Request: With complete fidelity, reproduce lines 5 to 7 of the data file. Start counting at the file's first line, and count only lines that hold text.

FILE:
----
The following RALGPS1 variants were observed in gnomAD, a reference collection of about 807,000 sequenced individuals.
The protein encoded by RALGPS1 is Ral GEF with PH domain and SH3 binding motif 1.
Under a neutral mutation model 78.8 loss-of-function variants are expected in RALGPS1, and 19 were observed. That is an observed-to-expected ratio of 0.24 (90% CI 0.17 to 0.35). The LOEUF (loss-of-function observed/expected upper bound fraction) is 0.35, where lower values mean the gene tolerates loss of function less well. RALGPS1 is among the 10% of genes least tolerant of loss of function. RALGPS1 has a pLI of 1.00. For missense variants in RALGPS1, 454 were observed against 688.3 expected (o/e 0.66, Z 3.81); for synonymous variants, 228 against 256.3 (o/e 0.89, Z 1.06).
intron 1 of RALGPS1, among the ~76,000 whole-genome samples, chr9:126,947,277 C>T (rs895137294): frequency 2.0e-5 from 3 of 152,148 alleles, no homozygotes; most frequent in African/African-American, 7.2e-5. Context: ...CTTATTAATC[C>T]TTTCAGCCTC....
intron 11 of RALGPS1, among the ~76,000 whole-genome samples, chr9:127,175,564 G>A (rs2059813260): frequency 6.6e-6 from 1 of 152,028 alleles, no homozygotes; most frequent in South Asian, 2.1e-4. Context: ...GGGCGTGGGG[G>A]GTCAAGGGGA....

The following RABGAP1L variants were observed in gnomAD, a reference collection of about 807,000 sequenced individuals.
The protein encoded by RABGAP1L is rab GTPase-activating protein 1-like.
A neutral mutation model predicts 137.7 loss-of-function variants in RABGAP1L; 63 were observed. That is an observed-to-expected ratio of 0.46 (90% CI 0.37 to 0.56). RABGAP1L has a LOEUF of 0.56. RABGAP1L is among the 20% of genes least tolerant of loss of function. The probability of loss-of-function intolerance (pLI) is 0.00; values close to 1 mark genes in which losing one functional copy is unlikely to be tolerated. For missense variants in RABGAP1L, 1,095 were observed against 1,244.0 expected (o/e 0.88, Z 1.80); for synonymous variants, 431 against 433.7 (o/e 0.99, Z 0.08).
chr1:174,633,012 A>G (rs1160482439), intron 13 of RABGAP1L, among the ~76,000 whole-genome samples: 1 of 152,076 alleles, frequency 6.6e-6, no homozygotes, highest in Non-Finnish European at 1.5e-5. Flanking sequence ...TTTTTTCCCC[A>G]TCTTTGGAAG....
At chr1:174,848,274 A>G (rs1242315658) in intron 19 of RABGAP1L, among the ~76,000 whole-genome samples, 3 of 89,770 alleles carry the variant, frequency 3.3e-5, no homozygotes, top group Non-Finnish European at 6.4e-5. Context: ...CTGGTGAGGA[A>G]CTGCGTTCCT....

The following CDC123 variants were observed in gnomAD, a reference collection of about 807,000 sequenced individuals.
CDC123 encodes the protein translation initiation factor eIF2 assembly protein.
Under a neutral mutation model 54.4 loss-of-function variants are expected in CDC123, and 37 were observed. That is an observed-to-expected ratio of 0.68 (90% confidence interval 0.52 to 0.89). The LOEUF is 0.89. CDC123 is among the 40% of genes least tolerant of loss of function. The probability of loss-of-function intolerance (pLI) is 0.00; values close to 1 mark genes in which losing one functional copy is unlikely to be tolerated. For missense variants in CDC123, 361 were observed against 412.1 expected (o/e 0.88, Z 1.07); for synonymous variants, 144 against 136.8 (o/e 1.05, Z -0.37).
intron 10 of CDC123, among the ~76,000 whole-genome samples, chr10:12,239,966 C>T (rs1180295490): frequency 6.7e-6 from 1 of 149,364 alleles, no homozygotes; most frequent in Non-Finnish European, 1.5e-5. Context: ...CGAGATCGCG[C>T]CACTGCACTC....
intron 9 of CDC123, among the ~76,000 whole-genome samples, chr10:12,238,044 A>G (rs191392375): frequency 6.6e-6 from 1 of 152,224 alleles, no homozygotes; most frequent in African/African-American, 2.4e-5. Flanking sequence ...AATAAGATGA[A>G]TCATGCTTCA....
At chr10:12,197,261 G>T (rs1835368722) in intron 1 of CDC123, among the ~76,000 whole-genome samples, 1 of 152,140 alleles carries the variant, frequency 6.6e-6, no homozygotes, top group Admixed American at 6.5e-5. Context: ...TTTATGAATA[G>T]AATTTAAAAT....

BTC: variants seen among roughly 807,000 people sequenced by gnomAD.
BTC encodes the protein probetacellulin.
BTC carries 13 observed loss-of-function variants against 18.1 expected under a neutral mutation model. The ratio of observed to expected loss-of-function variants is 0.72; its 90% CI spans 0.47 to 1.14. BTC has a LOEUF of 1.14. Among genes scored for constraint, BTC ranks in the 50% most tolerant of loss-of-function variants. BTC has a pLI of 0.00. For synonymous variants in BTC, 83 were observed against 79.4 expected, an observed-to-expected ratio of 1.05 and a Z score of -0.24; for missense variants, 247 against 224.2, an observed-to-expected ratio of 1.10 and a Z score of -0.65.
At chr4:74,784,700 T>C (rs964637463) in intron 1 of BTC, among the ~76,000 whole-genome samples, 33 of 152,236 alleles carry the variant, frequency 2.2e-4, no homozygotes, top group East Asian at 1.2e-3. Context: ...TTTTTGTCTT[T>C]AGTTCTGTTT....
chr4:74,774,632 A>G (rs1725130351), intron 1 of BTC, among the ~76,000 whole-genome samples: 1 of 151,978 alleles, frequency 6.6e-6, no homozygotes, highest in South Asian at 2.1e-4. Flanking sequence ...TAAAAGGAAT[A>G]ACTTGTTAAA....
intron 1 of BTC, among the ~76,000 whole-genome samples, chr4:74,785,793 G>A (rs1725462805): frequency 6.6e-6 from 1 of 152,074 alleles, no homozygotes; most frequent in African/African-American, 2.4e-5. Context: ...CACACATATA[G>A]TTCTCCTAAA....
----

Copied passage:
intron 11 of RALGPS1, among the ~76,000 whole-genome samples, chr9:127,175,564 G>A (rs2059813260): frequency 6.6e-6 from 1 of 152,028 alleles, no homozygotes; most frequent in South Asian, 2.1e-4. Context: ...GGGCGTGGGG[G>A]GTCAAGGGGA....

The following RABGAP1L variants were observed in gnomAD, a reference collection of about 807,000 sequenced individuals.
The protein encoded by RABGAP1L is rab GTPase-activating protein 1-like.